How many of those elements can you spot in this story from Adam Zagorin of TIME Magazine?
New Mexico police got more than they bargained for last fall when they responded to a call about a domestic dispute in a trailer park near Los Alamos National Laboratory. Not only had they stumbled on paraphernalia for making the drug crystal meth; they also found thousands of pages of highly classified documents detailing the designs of U.S. nuclear weapons.How are we doing so far? I've got three of the four already. And you?
"We're taking it (the security breach) very seriously," said a spokesman for the Energy Department, which controls the lab, soon after the incident was made public. He added that Energy Secretary Samuel Bodman "was personally disturbed" by the matter. As well he ought to have been: New details obtained by TIME offer an even more disturbing picture of security at the nation's nuclear inner sanctum than the one outlined last year in a no-nonsense investigation by the Department's Inspector General. In fact, according to government documents, the woman who made off with the weapons designs was herself engaged in chronic illegal drug use and other serious security breaches that have never been made public. Documents also show that the DOE is investigating separate drug use by at least 35 other lab workers who received security clearances around the same time.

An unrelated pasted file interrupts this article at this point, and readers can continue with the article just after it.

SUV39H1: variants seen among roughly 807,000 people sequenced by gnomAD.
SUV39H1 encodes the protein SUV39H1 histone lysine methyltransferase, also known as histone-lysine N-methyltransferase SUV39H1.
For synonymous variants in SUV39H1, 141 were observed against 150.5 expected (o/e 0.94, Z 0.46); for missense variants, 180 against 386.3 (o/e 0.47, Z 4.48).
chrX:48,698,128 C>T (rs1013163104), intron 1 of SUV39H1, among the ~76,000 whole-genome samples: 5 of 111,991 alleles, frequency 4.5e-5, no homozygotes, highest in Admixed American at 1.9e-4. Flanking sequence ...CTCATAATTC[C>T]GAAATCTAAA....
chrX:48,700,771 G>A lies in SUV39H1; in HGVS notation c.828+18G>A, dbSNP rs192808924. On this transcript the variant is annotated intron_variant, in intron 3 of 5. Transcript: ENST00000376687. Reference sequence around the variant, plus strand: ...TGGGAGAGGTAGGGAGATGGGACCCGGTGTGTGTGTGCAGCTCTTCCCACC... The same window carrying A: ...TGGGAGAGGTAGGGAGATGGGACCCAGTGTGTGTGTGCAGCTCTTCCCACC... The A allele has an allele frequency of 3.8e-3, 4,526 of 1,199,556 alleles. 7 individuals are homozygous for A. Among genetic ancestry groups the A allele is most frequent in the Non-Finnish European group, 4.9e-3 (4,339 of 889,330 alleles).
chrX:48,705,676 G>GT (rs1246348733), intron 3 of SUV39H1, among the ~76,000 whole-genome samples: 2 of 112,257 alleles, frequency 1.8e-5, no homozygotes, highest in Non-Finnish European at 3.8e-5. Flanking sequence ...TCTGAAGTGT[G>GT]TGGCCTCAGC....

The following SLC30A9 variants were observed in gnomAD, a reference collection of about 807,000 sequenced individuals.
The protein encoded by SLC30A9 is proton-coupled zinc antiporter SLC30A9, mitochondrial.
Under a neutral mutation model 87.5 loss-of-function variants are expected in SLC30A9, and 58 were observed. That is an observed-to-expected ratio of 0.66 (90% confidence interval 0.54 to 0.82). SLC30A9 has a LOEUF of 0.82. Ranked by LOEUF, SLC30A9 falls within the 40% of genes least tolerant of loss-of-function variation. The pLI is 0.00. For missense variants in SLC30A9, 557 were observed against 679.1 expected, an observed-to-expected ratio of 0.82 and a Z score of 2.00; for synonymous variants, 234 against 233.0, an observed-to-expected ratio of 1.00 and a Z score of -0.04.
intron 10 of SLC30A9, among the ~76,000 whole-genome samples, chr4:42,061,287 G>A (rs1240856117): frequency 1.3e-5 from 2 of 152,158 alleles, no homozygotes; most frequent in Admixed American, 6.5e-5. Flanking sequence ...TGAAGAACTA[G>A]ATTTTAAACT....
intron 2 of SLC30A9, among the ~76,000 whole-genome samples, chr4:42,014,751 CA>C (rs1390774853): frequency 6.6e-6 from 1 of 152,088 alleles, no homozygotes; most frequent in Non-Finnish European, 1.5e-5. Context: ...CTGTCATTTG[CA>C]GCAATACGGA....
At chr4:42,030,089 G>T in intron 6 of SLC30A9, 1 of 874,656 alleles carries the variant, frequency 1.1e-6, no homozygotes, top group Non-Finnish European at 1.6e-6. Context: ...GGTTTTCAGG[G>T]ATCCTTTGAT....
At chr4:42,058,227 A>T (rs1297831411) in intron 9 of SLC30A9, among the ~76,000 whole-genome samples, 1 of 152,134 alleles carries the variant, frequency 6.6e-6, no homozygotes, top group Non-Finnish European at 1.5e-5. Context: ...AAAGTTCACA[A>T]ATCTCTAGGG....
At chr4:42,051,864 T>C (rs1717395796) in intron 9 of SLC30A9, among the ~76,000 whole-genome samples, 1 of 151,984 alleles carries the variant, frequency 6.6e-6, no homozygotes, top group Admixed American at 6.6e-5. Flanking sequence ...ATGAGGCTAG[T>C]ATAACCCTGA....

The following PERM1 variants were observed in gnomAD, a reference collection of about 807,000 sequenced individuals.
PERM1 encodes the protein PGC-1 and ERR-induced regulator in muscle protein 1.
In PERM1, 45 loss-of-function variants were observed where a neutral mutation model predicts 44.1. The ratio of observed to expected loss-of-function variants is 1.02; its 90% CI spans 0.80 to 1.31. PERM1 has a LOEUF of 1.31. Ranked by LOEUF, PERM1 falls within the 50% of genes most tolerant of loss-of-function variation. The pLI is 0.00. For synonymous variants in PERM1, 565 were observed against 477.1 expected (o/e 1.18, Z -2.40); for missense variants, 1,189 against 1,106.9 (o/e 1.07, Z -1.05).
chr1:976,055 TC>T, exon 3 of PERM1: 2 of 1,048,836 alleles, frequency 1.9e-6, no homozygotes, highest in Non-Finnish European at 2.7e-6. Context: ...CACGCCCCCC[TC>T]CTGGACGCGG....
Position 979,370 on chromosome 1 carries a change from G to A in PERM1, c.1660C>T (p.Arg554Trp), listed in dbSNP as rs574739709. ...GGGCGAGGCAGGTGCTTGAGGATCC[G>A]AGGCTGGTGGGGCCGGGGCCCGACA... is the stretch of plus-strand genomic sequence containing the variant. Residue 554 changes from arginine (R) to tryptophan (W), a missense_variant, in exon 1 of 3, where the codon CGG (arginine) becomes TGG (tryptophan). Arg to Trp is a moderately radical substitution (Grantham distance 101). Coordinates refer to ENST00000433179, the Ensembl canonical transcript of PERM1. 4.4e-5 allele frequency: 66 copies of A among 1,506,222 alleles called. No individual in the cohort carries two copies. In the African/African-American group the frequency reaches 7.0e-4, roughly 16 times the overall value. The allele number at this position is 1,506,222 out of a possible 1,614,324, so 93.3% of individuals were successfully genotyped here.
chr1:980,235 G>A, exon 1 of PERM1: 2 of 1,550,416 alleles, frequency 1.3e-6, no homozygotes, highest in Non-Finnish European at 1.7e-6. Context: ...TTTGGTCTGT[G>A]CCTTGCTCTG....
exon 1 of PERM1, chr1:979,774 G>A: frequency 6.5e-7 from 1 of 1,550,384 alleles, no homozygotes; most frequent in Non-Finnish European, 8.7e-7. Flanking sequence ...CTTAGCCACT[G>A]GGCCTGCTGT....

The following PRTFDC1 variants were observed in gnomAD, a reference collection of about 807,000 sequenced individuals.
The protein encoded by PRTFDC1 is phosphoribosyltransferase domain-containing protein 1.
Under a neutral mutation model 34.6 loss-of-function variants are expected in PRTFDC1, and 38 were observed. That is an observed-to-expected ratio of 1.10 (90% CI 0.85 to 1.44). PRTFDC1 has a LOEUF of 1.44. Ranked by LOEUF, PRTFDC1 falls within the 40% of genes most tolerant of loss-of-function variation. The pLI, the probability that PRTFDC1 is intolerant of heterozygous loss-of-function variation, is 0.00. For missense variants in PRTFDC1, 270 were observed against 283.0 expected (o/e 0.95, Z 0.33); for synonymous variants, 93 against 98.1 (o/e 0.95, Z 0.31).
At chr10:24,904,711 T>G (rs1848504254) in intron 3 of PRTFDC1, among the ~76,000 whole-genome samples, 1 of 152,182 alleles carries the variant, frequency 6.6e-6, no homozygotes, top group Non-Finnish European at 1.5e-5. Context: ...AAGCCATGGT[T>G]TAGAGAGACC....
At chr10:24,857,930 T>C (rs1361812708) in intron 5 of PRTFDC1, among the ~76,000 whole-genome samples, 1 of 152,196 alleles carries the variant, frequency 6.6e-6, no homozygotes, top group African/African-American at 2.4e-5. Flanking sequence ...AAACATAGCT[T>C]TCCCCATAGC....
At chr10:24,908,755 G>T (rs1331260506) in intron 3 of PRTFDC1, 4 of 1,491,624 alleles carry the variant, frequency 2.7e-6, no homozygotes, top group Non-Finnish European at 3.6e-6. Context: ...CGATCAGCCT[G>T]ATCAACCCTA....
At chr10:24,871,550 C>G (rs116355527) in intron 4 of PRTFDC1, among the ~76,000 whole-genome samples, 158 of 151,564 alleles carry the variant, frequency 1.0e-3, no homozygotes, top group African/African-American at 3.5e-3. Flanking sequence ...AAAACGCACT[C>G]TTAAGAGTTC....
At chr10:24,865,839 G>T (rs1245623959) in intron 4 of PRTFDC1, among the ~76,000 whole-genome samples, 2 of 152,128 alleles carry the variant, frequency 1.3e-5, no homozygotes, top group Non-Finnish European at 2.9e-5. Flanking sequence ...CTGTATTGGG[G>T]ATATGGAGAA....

Investigators don't believe powers hostile to the U.S. have exploited this latest round of security lapses, although they cannot be certain. But clearly, those with access to the nation's nuclear secrets would be priority targets of foreign intelligence services, and problems such as drug-abuse could make them vulnerable to manipulation.
TIME has also obtained the report of a task force set up by Energy Secretary Bodman to examine some of the security issues in his department. Given the stakes involved in protecting nuclear secrets in a post 9/11 world, the report makes uncomfortable reading: It details not only more extensive drug use among staff at Los Alamos, but describes a systematic lack of accountability and weaknesses in the safeguards surrounding nuclear secrets.
Read the rest here.
Was Pye Dubios, the mad Max poet, writing about these very people?
We're all here to be reckless
We're all sleazy and easy to please,
Dreamers and schemers on the loose...